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It’s always a challenge to decide whether
one should ignore or name the elephant in the room.
So I’ve taken a kind of middle way
this morning after the whatever-one-would-call-that-event-last-night.
I have been scrolling through quotations about elections –
hoping for something funny (no luck) –
and stumbled on this one:
“Bad officials are elected by good citizens who do not vote.”
The speaker is American drama critic and publisher,
George Jean Nathan.
Let’s exercise our rights and responsibilities.
Sometimes the strangest people evoke self-reflection.
I was startled to hear Donald Trump announce
that he was spending $100 million of his own money
on his campaign for the Presidency.
[Okay, I confess, my first thought was, ‘I sincerely doubt it.’] Moving right along, though, my second thought was a question,
‘If I had $100 million in spare cash, what would I spend it on?’
[And to put your mind at rest, a bid for the Presidency
is nowhere on even my most whimsical of lists.] $100 million is not enough to run a small country or a large city,
but it isn’t chump change, either.
So, I ask you: How would you use it?
My game, so my rules.
Giving it away for someone else to make the decision is not an option.
You can give it away, but you need to give it to specific causes or people
in specific amounts for specific purposes.
Write it down so you are actually being accountable.
($100 million may not go as far as you think it will…)
Now what would you do with $10 million? How about $1 million?
Pay attention to where your values start to shift.
Late last week I got my flu shot.
I do this for myself – to be sure –
but I also do it for the folks who
cannot take the vaccine for whatever reason.
When enough of us do this,
it provides immunity to the whole herd.
So, today, I began to wonder whether
there is or could be such a thing as
herd immunity to prejudice or violence or abuse or fear.
What would happen if enough of us stopped
incubating anger germs or bias germs?
Would it work to create an immune response
to hatred and anger and disrespect in others?
We would probably need to accept that
just as there are people who cannot process a vaccine,
there will be people in the herd who will not process compassion.
But if the herd as a whole doesn’t get sick,
isn’t that what matters?
Are you willing to try it with me?
What is truth?
In his article, ‘Fake News and Real Lies’,
Danny Duncan Collum says this about Roger Ailes:
[He] helped give us a world in which people are entitled
not only to their own opinion, but to their own facts.
And it is hard to see how we will ever recover from that.
I confess that I can’t think of any quick fix, either.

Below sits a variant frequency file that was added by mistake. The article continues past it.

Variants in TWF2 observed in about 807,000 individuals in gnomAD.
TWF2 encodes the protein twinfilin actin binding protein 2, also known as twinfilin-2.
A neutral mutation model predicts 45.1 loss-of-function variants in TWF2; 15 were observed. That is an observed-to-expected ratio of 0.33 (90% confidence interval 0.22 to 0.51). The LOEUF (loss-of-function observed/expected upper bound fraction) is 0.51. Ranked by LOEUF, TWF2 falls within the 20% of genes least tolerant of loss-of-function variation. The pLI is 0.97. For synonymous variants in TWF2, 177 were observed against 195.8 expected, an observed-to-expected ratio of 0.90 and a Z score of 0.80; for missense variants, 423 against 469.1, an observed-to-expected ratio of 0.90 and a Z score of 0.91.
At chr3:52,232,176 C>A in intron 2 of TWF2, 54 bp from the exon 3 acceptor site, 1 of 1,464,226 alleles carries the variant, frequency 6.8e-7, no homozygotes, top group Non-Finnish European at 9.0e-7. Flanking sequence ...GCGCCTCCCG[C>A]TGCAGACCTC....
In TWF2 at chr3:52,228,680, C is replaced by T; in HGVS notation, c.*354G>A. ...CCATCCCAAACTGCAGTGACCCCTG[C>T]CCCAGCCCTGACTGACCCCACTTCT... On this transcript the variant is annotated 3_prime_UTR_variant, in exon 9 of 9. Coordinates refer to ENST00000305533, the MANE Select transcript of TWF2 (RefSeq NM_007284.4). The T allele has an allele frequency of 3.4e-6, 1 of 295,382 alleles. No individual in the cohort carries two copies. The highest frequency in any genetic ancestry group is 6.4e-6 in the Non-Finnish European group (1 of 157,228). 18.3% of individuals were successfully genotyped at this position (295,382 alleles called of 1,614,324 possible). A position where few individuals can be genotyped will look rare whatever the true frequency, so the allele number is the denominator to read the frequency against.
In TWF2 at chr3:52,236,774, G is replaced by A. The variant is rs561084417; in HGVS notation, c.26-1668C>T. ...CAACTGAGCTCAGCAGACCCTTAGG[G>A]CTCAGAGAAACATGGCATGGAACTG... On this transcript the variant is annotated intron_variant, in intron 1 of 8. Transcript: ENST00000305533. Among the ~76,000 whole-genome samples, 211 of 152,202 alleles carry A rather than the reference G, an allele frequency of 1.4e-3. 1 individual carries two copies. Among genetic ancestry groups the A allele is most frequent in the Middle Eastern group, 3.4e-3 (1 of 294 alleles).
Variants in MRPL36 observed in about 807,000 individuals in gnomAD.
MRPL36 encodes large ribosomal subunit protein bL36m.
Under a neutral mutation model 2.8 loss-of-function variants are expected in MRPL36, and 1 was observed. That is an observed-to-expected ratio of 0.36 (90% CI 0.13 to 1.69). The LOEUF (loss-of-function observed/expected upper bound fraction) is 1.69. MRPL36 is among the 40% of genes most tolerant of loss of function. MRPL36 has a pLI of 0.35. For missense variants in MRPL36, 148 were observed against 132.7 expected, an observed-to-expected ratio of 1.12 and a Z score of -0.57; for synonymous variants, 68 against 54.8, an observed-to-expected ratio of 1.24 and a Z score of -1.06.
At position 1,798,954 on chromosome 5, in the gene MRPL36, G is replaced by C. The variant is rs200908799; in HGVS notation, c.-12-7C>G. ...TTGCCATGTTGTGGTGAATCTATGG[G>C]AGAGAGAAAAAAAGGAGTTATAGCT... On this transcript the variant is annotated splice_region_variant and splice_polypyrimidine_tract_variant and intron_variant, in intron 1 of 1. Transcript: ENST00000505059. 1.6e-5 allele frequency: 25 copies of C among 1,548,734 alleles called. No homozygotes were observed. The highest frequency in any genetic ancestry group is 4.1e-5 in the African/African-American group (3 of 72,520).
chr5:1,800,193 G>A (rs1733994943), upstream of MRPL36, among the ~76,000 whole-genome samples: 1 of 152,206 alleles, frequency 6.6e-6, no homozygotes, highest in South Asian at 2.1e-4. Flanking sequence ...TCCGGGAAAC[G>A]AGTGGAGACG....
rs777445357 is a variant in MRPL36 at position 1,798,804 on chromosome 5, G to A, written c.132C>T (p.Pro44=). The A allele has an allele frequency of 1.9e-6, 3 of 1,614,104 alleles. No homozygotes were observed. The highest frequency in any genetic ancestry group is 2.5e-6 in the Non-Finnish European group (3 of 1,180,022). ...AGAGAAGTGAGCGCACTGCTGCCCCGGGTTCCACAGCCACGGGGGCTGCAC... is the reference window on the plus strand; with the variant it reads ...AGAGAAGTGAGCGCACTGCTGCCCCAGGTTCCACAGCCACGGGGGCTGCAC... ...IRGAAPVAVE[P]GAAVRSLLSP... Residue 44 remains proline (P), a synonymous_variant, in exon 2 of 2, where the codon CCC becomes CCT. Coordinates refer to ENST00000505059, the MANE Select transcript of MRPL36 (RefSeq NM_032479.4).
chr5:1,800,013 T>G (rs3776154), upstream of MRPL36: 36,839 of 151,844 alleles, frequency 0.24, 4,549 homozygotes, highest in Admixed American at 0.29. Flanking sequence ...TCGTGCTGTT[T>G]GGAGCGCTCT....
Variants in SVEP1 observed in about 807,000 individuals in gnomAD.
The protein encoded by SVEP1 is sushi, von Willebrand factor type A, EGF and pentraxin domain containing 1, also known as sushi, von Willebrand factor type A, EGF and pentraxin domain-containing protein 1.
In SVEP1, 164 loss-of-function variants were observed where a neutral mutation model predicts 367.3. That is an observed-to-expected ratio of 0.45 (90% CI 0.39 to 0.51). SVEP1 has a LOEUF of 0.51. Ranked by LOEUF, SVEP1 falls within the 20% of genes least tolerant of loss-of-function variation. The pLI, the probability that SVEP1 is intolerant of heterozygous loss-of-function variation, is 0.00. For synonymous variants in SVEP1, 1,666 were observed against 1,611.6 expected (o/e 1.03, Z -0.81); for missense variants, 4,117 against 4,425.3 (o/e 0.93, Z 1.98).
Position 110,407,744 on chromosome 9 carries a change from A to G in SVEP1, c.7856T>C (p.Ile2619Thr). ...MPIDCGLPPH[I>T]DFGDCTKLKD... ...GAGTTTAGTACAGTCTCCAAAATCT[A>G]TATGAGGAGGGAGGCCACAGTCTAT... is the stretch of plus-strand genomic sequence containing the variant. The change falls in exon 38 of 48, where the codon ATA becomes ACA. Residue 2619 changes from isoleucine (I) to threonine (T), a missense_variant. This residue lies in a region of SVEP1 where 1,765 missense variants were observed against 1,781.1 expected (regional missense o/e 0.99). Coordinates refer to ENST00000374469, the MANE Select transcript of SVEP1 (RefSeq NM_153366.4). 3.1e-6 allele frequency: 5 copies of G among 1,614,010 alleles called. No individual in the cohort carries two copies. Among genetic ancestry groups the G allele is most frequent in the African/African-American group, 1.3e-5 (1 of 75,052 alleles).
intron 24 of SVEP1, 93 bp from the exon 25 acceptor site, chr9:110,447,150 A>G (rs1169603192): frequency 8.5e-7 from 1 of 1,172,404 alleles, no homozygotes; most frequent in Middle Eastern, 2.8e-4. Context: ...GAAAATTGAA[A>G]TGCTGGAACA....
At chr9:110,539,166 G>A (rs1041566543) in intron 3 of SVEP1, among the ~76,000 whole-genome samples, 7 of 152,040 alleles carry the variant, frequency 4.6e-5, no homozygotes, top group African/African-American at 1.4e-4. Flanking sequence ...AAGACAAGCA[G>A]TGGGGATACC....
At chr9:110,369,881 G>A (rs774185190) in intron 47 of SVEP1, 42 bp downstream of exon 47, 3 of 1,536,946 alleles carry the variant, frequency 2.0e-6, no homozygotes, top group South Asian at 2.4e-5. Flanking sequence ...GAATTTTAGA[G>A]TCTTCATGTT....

But here is what I can do:
I can be brave enough to say, ‘I think…’ or ‘I believe…’ or ‘I hope…”
(and accept responsibility for having the opinions I have).
I can respect other people’s opinions so that
they can feel brave enough to take responsibility for them.
I can care enough to learn the facts.
I can be willing to say, “I don’t know.”
And I can say, ‘I made a mistake’ rather than lying
or pretending that I never ever said or thought such a thing.
It may not be much, but it is something.
Everyone I know
is complaining about a lack of energy,
and an inability to stay focused on the task.
(Given what is happening in the country at the moment,
I’m surprised that any of us are getting
out of bed in the mornings…)
I thought these words of Don Marquis
might at suggest an alternative to
feeling guilty about spinning our wheels,
Procrastination is the art
of keeping up with yesterday.
[The painting is The Beginning by Sonia Getchtof (1960), a reflection on the work of Giotto and her own interpretation of creation. It was part of the Women in Abstract Expressionism exhibit at the Denver Art Museum.]
Yesterday was the 950th anniversary of
the Battle of Hastings…
which is an amazing event if for no other reason
that almost everyone can tell you when it happened
(even American citizens who cannot tell you
the dates of the (American) Civil War –)
To an artist, it is extraordinary for another reason:
it was the catalyst for the stunning Bayeaux Tapestry
which is not a tapestry at all, but an embroidery.
And the Bayeaux Tapestry inspired the D-Day Tapestry
which inspired the Great Tapestry of Scotland.
Generations building on generations,
stretching the boundaries, unfolding beauty.
Artists understand well that we owe our creativity
to those who have gone before us.
No one creates in a vacuum.
Who is your inspiration?
Have you thanked them today?
Apparently psychologists have actually noticed
that there is a spike in anxiety in the United States at the moment.
A sizeable and statistically significant spike.
While I am sure we are all breathing into being
a non-anxious presence,
my own humble opinion is that some chocolate is never amiss.
So here is The Two-Minute Chocolate (almost Lava) Cake Recipe
that I cut out of a magazine, but I can’t remember which one:
3 T milk
3 T neutral oil (canola, vegetable)
3 T flour
4 T sugar
2 T unsweetened cocoa powder
pinch of salt
3 T semi-sweet chocolate chips
splash of vanilla extract
Into a microwave safe coffee mug,
put all the wet ingredients and stir well.
Add the dry ingredients (through chocolate chips) and mix thoroughly.
Add chocolate chips and vanilla. Mix again.
Put your mug into a 1000 watt microwave for 2 minutes.
You can watch it do its magic. It will puff over the top of the mug.
Do not get anxious.
When done, eat it straight from the mug with whipped cream.
Or tip it onto a plate and add vanilla ice cream.
Split it in two if you are in a sharing mood.
Maybe it won’t eliminate all anxiety, but feel free to repeat
as often as necessary – at least through November 8.
Text © 2016, Andrea La Sonde Anastos
Photos © 2015, 2016 Immram Chara, LLC